Whitehorse Daily Star

Image title

Photo by Whitehorse Star

END OF AN ERA — The Whitehorse Huskies Senior AA team announced this morning they will not be defending their 2017 Coy Cup championship after losing 13 players and not able to recruit enough quality players to fill the vacant spots on the team.

Huskies will not return to defend Coy Cup

The Whitehorse Huskies will not be defending their Coy Cup title this season, not having enough personnel to ice a team.

By Dustin Cook on October 31, 2017

The Whitehorse Huskies will not be defending their Coy Cup title this season, not having enough personnel to ice a team.

The Senior AA team that competed in the B.C senior hockey league for the last three seasons lost roughly 13 players from last year’s roster, team president and general manager Dan Johnson said in an interview this morning.

“We didn’t really foresee player recruitment being an issue year over year, but with 10-plus players saying they’re not available for this year we realized this is a very unique age group,” Johnson said. “There’s a lot of stuff happening in people’s lives and priorities switch pretty quickly.”

The Huskies held open tryouts for the team, making frequent announcements on their Facebook page, but Johnson said they were unable to find the talent and skill to form a high-quality team similar to last season.

“The personnel we had and were seeing on the ice for the initial beginnings of the season, we didn’t think that it was a match with what we had put forth last year,” he said.

Winning the Coy Cup on home ice in April was a massive accomplishment for the team, Johnson said, and the core group of players worked very hard towards that goal.

After the championship win, Johnson said the board of directors discussed if they were going to continue and they decided to give it another try for the kids and the fans.

People planned their Fridays and Saturdays to come to the games, Johnson said, noting he has two young kids who were big Huskies fans and it was difficult to tell them there wouldn’t be a team this year.

Leaving the league doesn’t have anything to do with financial sustainability and they had the sponsors and funding required for the upcoming season, Johnson said.

“I want to make clear there was no financial or stability reasons for this, we were financially viable in the black, full sponsorship behind us again. Everything was all systems go,” he added.

Johnson said the Huskies program helped prove competitive hockey is viable in Whitehorse and now it’s up to determining what type of hockey is the best option out of Takhini Arena.

“Is it junior hockey? Is it senior hockey? What matches that venue, looking at this more towards a junior hockey program with more stability in terms of player personnel,” he said.

The decision to not ice a team this season was made as a collective Johnson said, between the board, coaching staff and the players who were going to return.

Johnson said captain Evan Campbell called him last week to discuss the situation and as much as he wanted to play, he agreed the team wasn’t in a good spot.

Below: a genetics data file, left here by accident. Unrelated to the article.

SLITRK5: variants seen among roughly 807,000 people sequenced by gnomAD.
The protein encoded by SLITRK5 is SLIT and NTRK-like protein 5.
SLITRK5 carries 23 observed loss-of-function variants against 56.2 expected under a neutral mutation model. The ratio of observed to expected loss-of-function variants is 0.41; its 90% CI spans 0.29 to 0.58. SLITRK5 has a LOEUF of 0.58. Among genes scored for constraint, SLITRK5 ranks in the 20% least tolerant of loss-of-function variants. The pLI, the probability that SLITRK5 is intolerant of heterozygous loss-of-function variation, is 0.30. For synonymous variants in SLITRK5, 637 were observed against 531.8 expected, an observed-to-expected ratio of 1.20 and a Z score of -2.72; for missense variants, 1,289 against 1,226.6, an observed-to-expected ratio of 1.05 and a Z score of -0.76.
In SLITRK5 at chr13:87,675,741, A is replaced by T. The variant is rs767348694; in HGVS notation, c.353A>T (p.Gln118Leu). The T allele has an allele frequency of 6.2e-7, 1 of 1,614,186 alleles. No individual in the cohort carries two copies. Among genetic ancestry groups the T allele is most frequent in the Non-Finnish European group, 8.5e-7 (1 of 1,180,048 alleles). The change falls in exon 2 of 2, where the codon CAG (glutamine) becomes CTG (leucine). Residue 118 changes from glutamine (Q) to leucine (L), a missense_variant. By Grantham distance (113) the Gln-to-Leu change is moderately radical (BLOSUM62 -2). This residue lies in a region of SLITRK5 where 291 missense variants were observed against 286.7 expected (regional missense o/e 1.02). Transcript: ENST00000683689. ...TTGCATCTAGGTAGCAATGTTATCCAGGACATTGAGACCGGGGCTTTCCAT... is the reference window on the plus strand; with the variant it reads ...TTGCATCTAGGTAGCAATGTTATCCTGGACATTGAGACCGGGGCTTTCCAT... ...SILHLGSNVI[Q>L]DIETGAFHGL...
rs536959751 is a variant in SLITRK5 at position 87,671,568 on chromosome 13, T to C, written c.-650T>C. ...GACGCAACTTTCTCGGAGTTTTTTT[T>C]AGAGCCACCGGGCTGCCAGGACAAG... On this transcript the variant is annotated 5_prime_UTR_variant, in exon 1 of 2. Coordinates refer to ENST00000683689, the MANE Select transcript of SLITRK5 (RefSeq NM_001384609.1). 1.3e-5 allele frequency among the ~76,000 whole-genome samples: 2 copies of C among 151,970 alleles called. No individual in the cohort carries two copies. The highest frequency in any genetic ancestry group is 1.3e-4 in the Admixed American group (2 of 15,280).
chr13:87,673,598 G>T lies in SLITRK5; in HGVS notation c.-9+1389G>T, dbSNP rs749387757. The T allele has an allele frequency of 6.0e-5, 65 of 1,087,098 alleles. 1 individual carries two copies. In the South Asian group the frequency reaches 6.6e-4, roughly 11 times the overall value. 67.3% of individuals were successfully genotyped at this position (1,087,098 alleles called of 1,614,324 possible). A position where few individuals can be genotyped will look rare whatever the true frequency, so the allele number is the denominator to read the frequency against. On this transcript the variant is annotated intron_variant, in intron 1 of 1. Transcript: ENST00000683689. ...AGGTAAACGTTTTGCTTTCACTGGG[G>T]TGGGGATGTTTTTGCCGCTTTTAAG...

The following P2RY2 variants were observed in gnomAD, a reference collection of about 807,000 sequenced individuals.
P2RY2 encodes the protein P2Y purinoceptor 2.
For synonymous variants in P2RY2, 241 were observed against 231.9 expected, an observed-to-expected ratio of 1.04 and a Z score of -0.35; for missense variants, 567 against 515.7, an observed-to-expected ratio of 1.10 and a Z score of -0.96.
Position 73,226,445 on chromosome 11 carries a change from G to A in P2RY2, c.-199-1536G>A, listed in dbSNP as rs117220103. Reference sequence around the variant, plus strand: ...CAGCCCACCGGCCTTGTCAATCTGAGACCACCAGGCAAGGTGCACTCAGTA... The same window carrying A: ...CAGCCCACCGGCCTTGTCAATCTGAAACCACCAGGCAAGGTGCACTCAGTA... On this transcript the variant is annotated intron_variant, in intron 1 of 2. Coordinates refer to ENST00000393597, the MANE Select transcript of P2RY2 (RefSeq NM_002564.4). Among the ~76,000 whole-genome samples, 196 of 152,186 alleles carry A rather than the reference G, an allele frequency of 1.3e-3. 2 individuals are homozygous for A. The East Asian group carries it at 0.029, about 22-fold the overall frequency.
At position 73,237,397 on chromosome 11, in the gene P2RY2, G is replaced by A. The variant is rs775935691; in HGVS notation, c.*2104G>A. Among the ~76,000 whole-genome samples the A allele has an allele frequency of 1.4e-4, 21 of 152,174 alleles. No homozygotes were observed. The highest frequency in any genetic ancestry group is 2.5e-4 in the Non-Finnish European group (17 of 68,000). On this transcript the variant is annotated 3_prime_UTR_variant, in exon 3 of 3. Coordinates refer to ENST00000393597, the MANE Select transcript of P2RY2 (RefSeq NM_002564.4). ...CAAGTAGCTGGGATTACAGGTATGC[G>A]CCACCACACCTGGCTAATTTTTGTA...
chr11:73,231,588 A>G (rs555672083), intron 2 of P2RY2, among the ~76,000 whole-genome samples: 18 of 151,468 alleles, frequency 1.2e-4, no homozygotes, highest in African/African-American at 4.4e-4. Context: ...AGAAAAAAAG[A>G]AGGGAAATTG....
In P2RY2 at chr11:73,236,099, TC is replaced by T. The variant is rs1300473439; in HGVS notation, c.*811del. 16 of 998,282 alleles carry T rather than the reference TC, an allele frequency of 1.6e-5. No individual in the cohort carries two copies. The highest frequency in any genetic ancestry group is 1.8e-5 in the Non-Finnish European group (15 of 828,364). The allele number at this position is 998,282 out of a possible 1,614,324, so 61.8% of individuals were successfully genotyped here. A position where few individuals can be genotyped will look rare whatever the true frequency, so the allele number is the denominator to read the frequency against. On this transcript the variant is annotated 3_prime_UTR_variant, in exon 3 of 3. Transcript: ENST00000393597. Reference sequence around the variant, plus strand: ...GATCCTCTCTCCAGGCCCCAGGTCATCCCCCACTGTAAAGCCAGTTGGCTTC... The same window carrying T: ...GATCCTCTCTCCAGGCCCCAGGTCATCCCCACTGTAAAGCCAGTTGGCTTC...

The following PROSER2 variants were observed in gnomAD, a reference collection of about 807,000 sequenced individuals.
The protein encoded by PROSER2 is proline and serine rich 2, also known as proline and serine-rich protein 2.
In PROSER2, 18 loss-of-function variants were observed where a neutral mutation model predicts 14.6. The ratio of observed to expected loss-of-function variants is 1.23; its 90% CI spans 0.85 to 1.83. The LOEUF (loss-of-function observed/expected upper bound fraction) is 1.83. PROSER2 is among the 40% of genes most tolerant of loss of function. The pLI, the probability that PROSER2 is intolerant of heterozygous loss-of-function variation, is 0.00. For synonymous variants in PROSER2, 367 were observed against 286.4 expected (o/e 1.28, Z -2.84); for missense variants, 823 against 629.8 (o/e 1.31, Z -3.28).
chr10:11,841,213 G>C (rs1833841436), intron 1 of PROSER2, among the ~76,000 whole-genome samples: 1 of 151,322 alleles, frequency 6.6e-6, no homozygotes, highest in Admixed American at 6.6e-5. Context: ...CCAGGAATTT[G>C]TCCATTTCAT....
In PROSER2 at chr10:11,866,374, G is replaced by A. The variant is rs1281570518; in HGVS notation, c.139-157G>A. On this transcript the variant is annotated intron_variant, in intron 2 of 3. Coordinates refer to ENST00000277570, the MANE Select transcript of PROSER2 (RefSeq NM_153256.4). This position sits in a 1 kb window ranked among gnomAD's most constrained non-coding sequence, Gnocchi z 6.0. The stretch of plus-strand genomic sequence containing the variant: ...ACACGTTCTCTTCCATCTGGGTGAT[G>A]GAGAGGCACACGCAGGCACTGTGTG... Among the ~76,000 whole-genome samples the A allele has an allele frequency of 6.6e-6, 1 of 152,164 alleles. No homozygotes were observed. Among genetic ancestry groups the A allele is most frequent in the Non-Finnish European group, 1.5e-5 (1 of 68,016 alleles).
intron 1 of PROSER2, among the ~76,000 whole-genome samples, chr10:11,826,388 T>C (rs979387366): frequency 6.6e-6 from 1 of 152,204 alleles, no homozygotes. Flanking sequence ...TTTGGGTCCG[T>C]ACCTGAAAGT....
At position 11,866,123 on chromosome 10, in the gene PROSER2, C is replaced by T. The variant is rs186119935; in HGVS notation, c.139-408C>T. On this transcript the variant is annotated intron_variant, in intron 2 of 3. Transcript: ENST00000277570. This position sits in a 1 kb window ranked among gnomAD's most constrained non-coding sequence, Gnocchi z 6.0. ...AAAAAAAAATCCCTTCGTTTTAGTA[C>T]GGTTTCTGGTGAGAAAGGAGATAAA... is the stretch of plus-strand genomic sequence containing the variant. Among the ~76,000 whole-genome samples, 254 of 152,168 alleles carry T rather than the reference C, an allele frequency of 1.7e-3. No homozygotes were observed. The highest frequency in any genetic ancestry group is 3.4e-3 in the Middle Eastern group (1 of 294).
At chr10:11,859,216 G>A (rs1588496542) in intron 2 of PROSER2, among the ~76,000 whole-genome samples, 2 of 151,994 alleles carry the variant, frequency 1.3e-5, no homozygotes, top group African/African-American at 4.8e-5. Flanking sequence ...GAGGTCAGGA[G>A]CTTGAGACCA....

“There’s still a core group of guys with the fire and passion to do this but they can’t do it on their own,” Johnson said. “For these guys, the clock had struck.”

Huskies players from the championship team who were not able to return include Ted Stephens, Adam Henderson, Derek Klassen, Jared Tuton and Rob Warner.

Between the ages of 20-30, many of the players had other important priorities Johnson noted, with some moving out of the Yukon and others facing new work and life commitments.

But Johnson said this does not take away from the team’s three years leading up to the historic success in winning the 2017 Coy Cup.

The team won a hard-fought battle 7-4 in front of a packed Takhini Arena against the Kelowna Sparta. In the 2016-17 season, the team won 10 games, losing only three.

It isn’t out of the question for the team to return after a season hiatus or a few years down the road, Johnson said, as they proved a competitive hockey program can be sustained.

“We’ve answered the whole operational question, well how does this look, that was always the question,” he said.

The Huskies program dates back to 1992 when the team was founded as a AAA senior team winning the national championship Allan Cup in 1993 before folding the following season.

They returned in 2009 after a 16-year absence again playing AAA before moving to the AA league for the 2014-15 season.

With many revivals throughout the years, Johnson said a future return is “always a possibility.”

The 2017 Coy Cup victory will always remain a big moment for the players and the city, whether or not there’s a team on the ice.

Be the first to comment

Add your comments or reply via Twitter @whitehorsestar

In order to encourage thoughtful and responsible discussion, website comments will not be visible until a moderator approves them. Please add comments judiciously and refrain from maligning any individual or institution. Read about our user comment and privacy policies.

Your name and email address are required before your comment is posted. Otherwise, your comment will not be posted.